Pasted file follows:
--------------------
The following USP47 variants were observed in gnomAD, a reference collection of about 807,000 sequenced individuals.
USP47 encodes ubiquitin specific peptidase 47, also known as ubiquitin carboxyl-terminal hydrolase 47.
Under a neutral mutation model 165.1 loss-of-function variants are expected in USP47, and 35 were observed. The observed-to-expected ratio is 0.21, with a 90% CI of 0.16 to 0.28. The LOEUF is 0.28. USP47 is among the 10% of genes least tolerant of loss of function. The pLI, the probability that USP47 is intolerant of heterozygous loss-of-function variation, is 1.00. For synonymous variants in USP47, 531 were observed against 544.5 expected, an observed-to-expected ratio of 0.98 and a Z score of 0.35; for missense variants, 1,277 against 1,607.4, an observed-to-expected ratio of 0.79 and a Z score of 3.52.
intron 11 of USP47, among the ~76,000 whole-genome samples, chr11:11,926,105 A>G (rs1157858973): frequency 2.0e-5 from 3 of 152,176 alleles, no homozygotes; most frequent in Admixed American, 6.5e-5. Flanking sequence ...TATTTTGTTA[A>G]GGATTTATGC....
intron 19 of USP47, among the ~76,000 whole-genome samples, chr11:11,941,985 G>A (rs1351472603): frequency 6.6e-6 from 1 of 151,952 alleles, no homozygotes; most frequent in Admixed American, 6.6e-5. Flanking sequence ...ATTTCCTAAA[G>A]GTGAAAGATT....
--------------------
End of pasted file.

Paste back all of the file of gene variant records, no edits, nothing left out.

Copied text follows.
The following USP47 variants were observed in gnomAD, a reference collection of about 807,000 sequenced individuals.
USP47 encodes ubiquitin specific peptidase 47, also known as ubiquitin carboxyl-terminal hydrolase 47.
Under a neutral mutation model 165.1 loss-of-function variants are expected in USP47, and 35 were observed. The observed-to-expected ratio is 0.21, with a 90% CI of 0.16 to 0.28. The LOEUF is 0.28. USP47 is among the 10% of genes least tolerant of loss of function. The pLI, the probability that USP47 is intolerant of heterozygous loss-of-function variation, is 1.00. For synonymous variants in USP47, 531 were observed against 544.5 expected, an observed-to-expected ratio of 0.98 and a Z score of 0.35; for missense variants, 1,277 against 1,607.4, an observed-to-expected ratio of 0.79 and a Z score of 3.52.
intron 11 of USP47, among the ~76,000 whole-genome samples, chr11:11,926,105 A>G (rs1157858973): frequency 2.0e-5 from 3 of 152,176 alleles, no homozygotes; most frequent in Admixed American, 6.5e-5. Flanking sequence ...TATTTTGTTA[A>G]GGATTTATGC....
intron 19 of USP47, among the ~76,000 whole-genome samples, chr11:11,941,985 G>A (rs1351472603): frequency 6.6e-6 from 1 of 151,952 alleles, no homozygotes; most frequent in Admixed American, 6.6e-5. Flanking sequence ...ATTTCCTAAA[G>A]GTGAAAGATT....